A Court of Common Pleas judge ordered the revote between Rehm and Cashman – an incumbent who supported the intelligent design policy – because of a faulty voting machine at the church.
The machine didn’t properly count votes for Cashman, who has contended that he could have defeated Rehm, the winning four-year candidate with the fewest votes.
Yesterday, 621 people voted at the church and 32 sent in absentee ballots.
Joins CARES winners: Rehm will now join fellow Dover CARES (Citizens Actively Reviewing Educational Strategies) members elected to the school board on Nov. 8.
Various ID advocates obviously care nothing for whether their accusations of misconduct on the part of people opposing them have the slightest grounding in reality at all. The bizarre campaign of Forrest Mims to destroy the career of Eric Pianka over Mims’s inability to grasp the simplest concepts of ecology is followed only three days later by this completely fabricated slam on Brian Rehm. Whenever an ID advocate claims that they have any regard for facts, be sure to remind them of these two cases.
Are there any ID advocates out there with an ounce of moral fiber? We’ll be able to tell because they’ll be the ones who loudly and publicly register their disagreement with Mims, Manzari, and Cooper. I suspect the list will never grow so large as to require me to take off my shoes to count that high, though I’d be pleasantly surprised if I were proved wrong on that point.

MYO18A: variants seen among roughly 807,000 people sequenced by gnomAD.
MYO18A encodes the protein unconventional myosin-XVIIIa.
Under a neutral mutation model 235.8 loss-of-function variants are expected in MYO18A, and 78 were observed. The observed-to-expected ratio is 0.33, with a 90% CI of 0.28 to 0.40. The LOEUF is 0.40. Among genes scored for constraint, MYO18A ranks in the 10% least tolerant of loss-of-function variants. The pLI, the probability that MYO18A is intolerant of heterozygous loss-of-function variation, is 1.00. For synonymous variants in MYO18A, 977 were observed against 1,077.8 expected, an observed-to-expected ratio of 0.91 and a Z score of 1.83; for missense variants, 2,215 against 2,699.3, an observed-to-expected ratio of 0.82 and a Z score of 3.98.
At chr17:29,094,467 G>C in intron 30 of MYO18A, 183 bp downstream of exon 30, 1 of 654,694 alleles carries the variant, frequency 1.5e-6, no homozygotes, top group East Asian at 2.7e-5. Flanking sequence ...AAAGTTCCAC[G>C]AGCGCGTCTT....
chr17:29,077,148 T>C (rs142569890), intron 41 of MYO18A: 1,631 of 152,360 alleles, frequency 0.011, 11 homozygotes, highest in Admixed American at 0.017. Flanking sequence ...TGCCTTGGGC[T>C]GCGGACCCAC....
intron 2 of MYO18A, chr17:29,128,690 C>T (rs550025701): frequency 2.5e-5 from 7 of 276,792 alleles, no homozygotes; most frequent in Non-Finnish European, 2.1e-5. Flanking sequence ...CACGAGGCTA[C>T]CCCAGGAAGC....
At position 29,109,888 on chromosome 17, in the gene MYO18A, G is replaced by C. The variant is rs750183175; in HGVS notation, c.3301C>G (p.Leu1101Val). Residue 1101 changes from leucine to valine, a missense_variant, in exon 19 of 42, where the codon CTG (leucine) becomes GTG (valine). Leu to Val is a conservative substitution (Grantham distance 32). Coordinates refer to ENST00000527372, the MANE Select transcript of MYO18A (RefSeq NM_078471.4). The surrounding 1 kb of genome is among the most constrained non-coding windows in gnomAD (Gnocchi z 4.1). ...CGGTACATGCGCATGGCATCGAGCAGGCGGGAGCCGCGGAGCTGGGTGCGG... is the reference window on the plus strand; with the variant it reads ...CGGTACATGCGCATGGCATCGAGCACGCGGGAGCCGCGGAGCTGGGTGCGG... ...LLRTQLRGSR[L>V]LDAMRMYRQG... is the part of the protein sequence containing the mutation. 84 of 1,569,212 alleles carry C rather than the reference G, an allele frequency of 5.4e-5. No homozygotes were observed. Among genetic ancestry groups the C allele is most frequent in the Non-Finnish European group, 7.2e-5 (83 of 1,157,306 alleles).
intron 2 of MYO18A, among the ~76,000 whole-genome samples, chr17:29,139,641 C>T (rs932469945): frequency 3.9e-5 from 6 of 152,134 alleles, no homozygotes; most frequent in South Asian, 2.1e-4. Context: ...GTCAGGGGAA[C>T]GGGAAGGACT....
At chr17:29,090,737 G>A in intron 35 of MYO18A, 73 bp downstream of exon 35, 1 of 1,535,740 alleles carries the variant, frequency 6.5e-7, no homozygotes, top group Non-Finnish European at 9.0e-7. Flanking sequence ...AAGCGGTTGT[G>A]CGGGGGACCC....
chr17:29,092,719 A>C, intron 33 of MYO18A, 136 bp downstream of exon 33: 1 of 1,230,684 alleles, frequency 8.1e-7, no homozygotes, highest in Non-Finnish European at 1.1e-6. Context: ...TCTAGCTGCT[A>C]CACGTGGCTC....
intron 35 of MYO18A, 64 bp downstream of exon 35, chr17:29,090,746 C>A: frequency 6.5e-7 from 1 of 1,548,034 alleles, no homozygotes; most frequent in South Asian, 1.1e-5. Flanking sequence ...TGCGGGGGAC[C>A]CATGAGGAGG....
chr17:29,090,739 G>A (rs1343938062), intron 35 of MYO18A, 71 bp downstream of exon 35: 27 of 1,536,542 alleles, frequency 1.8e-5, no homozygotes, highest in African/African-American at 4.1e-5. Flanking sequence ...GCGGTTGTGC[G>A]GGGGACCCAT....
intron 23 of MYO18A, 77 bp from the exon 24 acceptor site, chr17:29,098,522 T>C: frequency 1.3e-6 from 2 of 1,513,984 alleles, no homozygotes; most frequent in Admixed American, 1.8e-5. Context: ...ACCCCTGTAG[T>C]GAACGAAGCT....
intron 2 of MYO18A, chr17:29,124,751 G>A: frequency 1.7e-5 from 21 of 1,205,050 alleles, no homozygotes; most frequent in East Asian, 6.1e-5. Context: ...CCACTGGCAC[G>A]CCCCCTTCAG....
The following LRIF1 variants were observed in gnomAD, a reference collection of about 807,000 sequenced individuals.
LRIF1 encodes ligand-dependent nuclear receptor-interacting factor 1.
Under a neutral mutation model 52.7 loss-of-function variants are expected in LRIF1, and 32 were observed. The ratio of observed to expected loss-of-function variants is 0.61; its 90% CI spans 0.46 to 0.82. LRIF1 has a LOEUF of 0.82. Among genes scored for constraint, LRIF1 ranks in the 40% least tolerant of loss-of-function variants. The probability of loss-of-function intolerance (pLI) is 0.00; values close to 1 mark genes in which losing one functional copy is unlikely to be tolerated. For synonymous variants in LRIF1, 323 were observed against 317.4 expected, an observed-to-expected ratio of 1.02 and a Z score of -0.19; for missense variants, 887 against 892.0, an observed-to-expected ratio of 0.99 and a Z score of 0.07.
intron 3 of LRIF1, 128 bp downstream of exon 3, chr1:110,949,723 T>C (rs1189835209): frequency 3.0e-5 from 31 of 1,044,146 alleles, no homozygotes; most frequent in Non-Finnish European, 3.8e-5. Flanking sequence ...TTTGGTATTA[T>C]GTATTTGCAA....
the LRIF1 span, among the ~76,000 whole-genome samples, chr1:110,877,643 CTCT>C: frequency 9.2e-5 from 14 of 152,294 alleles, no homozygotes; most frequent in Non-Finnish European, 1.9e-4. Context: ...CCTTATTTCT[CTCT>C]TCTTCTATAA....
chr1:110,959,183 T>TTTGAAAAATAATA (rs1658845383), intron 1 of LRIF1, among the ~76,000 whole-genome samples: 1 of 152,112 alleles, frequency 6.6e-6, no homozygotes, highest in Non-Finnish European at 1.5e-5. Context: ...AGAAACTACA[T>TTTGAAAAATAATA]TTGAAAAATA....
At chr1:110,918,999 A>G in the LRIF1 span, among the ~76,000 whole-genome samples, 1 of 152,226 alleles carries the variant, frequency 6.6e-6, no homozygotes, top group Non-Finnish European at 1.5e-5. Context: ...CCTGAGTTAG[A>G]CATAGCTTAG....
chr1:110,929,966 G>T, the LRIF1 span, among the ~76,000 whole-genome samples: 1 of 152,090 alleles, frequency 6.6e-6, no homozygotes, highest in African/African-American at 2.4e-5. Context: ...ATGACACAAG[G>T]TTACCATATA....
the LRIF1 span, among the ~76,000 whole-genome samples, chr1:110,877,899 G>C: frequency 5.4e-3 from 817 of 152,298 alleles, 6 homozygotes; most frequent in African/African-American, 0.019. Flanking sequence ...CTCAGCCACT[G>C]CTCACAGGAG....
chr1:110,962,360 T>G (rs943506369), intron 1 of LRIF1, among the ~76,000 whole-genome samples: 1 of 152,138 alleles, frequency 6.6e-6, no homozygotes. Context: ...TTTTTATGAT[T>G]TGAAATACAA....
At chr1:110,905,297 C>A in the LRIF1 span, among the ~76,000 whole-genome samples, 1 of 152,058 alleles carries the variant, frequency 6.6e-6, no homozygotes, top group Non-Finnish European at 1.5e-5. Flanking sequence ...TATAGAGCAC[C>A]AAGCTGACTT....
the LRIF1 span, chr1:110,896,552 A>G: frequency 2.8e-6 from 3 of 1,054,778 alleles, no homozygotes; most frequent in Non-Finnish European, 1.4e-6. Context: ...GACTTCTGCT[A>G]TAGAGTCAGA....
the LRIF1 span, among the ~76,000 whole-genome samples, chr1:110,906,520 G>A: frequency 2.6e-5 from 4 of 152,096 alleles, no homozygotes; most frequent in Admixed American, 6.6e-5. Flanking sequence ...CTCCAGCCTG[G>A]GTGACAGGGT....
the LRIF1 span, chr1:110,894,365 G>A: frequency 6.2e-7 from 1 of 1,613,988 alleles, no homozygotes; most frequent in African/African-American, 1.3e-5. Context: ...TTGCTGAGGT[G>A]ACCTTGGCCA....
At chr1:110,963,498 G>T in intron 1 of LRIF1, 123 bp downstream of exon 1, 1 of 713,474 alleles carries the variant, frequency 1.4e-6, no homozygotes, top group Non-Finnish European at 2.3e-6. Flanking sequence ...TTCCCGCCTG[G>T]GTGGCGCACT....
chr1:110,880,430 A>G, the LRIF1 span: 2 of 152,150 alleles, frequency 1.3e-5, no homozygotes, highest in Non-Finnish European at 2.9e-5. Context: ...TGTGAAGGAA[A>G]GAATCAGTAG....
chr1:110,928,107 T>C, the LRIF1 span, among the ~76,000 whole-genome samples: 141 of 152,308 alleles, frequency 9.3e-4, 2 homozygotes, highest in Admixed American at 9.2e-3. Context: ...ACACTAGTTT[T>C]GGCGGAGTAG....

Update: As another data point on the sloppy and careless way the Manzari and Cooper article is put together ([mr.rogers]Can you say, “reckless disregard”? Good.[/mr.rogers]), consider what blogger Ed Brayton pointed out to me in their article:
According to the ACLU’s Eric Rothschild, “We think it’s important that the public record will reflect how much it costs to stop an unconstitutional action.”
Eric Rothschild is not an ACLU employee. He is a partner in the Pepper Hamilton law firm.